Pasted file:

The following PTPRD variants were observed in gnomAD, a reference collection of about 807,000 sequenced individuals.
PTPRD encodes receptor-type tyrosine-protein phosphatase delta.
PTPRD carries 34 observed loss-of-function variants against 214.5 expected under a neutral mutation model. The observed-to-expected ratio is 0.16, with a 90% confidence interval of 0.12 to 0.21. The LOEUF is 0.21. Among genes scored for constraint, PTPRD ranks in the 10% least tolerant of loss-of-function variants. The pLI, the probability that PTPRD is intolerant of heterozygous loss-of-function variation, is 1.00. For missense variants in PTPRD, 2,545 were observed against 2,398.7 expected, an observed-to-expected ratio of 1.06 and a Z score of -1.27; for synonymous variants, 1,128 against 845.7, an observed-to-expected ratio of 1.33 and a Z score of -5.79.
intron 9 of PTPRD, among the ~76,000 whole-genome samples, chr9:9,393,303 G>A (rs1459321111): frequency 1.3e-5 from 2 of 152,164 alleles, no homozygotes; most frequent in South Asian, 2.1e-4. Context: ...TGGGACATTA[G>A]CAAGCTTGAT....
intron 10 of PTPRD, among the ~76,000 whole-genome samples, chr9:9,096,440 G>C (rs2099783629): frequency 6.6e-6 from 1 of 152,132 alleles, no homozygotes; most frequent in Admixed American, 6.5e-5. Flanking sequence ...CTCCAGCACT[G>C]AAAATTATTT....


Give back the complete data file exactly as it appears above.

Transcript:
The following PTPRD variants were observed in gnomAD, a reference collection of about 807,000 sequenced individuals.
PTPRD encodes receptor-type tyrosine-protein phosphatase delta.
PTPRD carries 34 observed loss-of-function variants against 214.5 expected under a neutral mutation model. The observed-to-expected ratio is 0.16, with a 90% confidence interval of 0.12 to 0.21. The LOEUF is 0.21. Among genes scored for constraint, PTPRD ranks in the 10% least tolerant of loss-of-function variants. The pLI, the probability that PTPRD is intolerant of heterozygous loss-of-function variation, is 1.00. For missense variants in PTPRD, 2,545 were observed against 2,398.7 expected, an observed-to-expected ratio of 1.06 and a Z score of -1.27; for synonymous variants, 1,128 against 845.7, an observed-to-expected ratio of 1.33 and a Z score of -5.79.
intron 9 of PTPRD, among the ~76,000 whole-genome samples, chr9:9,393,303 G>A (rs1459321111): frequency 1.3e-5 from 2 of 152,164 alleles, no homozygotes; most frequent in South Asian, 2.1e-4. Context: ...TGGGACATTA[G>A]CAAGCTTGAT....
intron 10 of PTPRD, among the ~76,000 whole-genome samples, chr9:9,096,440 G>C (rs2099783629): frequency 6.6e-6 from 1 of 152,132 alleles, no homozygotes; most frequent in Admixed American, 6.5e-5. Flanking sequence ...CTCCAGCACT[G>C]AAAATTATTT....